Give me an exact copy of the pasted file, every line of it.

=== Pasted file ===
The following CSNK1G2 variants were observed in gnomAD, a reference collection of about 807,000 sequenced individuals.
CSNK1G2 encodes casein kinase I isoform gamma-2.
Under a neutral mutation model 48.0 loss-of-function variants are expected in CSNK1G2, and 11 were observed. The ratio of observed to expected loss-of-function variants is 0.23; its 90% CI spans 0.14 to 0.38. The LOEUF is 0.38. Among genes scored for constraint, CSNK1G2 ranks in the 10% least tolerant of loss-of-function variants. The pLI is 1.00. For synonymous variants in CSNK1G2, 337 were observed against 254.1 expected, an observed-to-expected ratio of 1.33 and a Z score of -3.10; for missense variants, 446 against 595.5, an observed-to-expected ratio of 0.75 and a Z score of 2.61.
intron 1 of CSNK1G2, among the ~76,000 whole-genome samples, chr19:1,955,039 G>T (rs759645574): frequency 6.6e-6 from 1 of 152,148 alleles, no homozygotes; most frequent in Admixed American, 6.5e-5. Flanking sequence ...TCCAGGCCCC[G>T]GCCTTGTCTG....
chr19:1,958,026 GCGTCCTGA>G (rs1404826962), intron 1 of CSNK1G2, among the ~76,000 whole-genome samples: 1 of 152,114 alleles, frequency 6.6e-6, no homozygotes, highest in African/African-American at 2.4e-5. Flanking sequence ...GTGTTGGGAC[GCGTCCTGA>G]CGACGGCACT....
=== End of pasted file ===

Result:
The following CSNK1G2 variants were observed in gnomAD, a reference collection of about 807,000 sequenced individuals.
CSNK1G2 encodes casein kinase I isoform gamma-2.
Under a neutral mutation model 48.0 loss-of-function variants are expected in CSNK1G2, and 11 were observed. The ratio of observed to expected loss-of-function variants is 0.23; its 90% CI spans 0.14 to 0.38. The LOEUF is 0.38. Among genes scored for constraint, CSNK1G2 ranks in the 10% least tolerant of loss-of-function variants. The pLI is 1.00. For synonymous variants in CSNK1G2, 337 were observed against 254.1 expected, an observed-to-expected ratio of 1.33 and a Z score of -3.10; for missense variants, 446 against 595.5, an observed-to-expected ratio of 0.75 and a Z score of 2.61.
intron 1 of CSNK1G2, among the ~76,000 whole-genome samples, chr19:1,955,039 G>T (rs759645574): frequency 6.6e-6 from 1 of 152,148 alleles, no homozygotes; most frequent in Admixed American, 6.5e-5. Flanking sequence ...TCCAGGCCCC[G>T]GCCTTGTCTG....
chr19:1,958,026 GCGTCCTGA>G (rs1404826962), intron 1 of CSNK1G2, among the ~76,000 whole-genome samples: 1 of 152,114 alleles, frequency 6.6e-6, no homozygotes, highest in African/African-American at 2.4e-5. Flanking sequence ...GTGTTGGGAC[GCGTCCTGA>G]CGACGGCACT....